Early Morning Is A Great Time Of Day

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For some folks, the best time of the day is early in the morning, when both the mind and body are fresh and the excitement of a new day lies ahead. For others, the majesty of a paint-splashed sunset, followed by the peace that nightfall brings is what brings them their most happiness.

For me, very early morning is the time of day I love the most.

After finishing one of my early morning jogs this week and on my cool-down walk home along the western edge of Green Valley Lake, I felt a real appreciation just to be alive.

Dawn was just beginning to break in the eastern sky, as moonglow guided me to along toward my “stretching” bench, the plastic-coated metal settee that has been my after-workout buddy for the better part of the last decade.

I was alone in the park that morning, the golden silence broken only by the lake’s two aerating fountains and a dozen or so Canada geese, honking their advancement as their out-stretched wings guided them to their water nests.

It was a crisp, clear, late fall morning, but I couldn’t see the banks of the opposite shore. The cool air from above, colliding with the warm, moist air from the water below, billowed mist upward into the ebony sky.

For me, early morning is a wonderful, wonderful time of the day.

This week’s music trivia question is: Can you name the artist who recorded the 1957 hit “Wonderful, Wonderful”?

This California-raised crooner began studying opera at age 13 and later received a track scholarship to San Francisco State College.

He was invited to the U.S. Track and Field Olympic tryouts, but chose a singing career instead.

He initially recorded as a jazz-styled singer, but Columbia executive Mitch Miller switched him to singing pop ballads. He broke onto the charts in 1957 with the top 20 hit “Wonderful, Wonderful.” Among his other 42 charted hits are “The Twelfth Of Never,” “It’s Not For Me To Say” and his two No. 1 hits “Chances Are” and “Too Much, Too Little, Too Late” — a duet with Deniece Williams.

Is this pop balladeer A) Brook Benton, B) Tommy Edwards, C) Johnny Mathis, or D) Bill Cosby?

This week, if you are the fourth caller and have the right answer, you’ll win a $15 dollar gift certificate to the Crosswinds Restaurant — a nice place to relax with good food and a picturesque view of the Rim.

Now, let’s see how we did with last week’s music trivia question: Which of the following statements is true about Charlie Chaplin? (Who was the subject in last week’s David Pomeranz “Chaplin: A Life in Concert.”) A) He was 5 feet, 5 inches tall, B) His dead body was stolen from the Corsier-Sur-Vevey cemetery in Switzerland and held for ransom for 11 weeks, until the thieves were caught, C) He once entered a Charlie Chaplin look-alike contest and finished third, or D) All of the above?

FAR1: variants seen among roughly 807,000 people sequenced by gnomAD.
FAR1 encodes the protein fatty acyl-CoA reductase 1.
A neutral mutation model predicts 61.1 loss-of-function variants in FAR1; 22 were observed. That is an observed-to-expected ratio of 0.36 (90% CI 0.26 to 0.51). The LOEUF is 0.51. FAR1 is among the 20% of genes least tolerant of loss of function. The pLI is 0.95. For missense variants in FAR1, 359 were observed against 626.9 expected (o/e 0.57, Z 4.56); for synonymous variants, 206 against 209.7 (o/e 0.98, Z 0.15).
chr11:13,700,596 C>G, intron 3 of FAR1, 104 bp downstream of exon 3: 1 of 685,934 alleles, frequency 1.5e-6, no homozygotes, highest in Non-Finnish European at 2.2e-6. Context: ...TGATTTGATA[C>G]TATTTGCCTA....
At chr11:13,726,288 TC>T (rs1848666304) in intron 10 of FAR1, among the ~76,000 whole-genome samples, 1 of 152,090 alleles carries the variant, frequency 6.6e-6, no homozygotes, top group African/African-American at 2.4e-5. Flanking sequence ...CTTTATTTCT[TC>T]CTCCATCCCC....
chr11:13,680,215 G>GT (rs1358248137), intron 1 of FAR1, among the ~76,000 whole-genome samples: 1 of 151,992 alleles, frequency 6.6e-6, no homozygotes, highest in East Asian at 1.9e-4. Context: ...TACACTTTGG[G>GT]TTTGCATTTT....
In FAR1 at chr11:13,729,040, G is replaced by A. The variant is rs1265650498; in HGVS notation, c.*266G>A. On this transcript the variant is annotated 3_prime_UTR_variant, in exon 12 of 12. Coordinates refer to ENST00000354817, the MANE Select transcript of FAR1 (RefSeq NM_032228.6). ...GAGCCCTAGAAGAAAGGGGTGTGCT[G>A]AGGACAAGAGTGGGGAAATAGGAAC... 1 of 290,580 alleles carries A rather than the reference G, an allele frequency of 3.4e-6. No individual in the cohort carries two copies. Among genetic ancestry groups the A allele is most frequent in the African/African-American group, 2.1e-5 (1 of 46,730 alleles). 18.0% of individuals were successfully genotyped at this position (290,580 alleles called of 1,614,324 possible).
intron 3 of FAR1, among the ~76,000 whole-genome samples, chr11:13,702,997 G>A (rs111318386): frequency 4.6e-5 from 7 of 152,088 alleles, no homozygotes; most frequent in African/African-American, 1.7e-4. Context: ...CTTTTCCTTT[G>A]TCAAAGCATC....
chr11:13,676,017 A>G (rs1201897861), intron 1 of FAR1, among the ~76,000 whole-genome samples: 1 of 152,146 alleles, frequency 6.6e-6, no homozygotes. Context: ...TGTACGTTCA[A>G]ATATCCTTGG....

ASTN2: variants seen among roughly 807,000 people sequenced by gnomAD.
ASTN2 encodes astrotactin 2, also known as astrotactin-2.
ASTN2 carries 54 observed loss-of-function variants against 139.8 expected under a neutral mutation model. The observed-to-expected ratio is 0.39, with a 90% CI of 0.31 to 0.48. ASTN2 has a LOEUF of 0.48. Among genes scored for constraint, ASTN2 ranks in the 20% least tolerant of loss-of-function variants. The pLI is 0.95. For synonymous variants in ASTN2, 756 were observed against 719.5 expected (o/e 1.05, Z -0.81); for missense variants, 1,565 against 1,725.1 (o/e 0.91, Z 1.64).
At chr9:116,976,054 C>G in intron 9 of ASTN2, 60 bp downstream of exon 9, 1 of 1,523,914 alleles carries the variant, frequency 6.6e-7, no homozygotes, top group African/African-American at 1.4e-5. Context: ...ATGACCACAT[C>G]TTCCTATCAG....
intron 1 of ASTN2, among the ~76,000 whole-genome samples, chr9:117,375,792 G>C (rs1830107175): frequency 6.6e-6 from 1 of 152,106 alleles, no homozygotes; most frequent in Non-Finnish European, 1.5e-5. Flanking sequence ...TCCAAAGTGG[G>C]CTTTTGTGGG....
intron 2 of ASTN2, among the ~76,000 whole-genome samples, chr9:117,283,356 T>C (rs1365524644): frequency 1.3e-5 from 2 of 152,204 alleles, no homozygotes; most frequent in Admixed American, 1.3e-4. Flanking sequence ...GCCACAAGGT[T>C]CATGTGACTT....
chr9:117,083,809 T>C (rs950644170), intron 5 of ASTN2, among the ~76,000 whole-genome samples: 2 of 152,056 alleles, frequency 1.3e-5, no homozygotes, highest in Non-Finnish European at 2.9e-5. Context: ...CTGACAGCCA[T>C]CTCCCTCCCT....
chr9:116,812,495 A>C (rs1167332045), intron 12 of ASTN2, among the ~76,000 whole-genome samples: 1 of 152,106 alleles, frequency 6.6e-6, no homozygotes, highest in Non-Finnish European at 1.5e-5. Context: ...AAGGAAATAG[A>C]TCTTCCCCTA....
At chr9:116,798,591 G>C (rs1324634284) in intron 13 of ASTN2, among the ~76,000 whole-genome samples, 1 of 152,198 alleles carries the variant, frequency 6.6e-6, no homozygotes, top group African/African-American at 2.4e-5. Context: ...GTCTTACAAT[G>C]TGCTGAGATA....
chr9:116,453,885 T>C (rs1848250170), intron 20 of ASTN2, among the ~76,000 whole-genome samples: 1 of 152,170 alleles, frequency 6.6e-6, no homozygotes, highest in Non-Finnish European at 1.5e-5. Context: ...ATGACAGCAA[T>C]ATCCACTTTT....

The correct answer was D) All of the above.

Congratulations to this past week’s first time trivia winner, Mary Mastin, who won two complimentary tickets to last Tuesday’s David Pomeranz concert, courtesy of the Tonto Community Concert Association.

A little about Mary: She was born and raised in Milo, Maine and lived most of her life in America’s most northeastern state. She met her husband, Bill, in the late 1960s as the two were about to board a plane for Europe. They have been married for 40 years and have a daughter who lives in White Fish, Montana.

After finishing a long career in education, first as an elementary school teacher and then as a guidance counselor, Mary convinced Bill that wintering in Arizona would be better than enduring the long, icy winters in Maine.

While traveling throughout our Grand Canyon state in the early 2000s, the Mastins discovered Payson, where they spent the following three winters. For the past seven years they have made Payson their permanent residence.

Mary enjoys leading a very active retired lifestyle — kayaking, bicycling, hiking and spending time with her two grandchildren. When she finds time to relax, she enjoys listening to classical and folk music.

When I asked her who her favorite artists are, she responded, “After my daughter, I would say Finnish composer Jean Sibelius and then John Denver.”

Last, new pictures that have been added to my Web site are from the Thanksgiving Community Dinner, hosted by the Elks Lodge, and Pine’s Festival of Lights.

Have a great week!

DJ Craig

Phone: 468-1482

Web site: www.DJCraigInPayson.com

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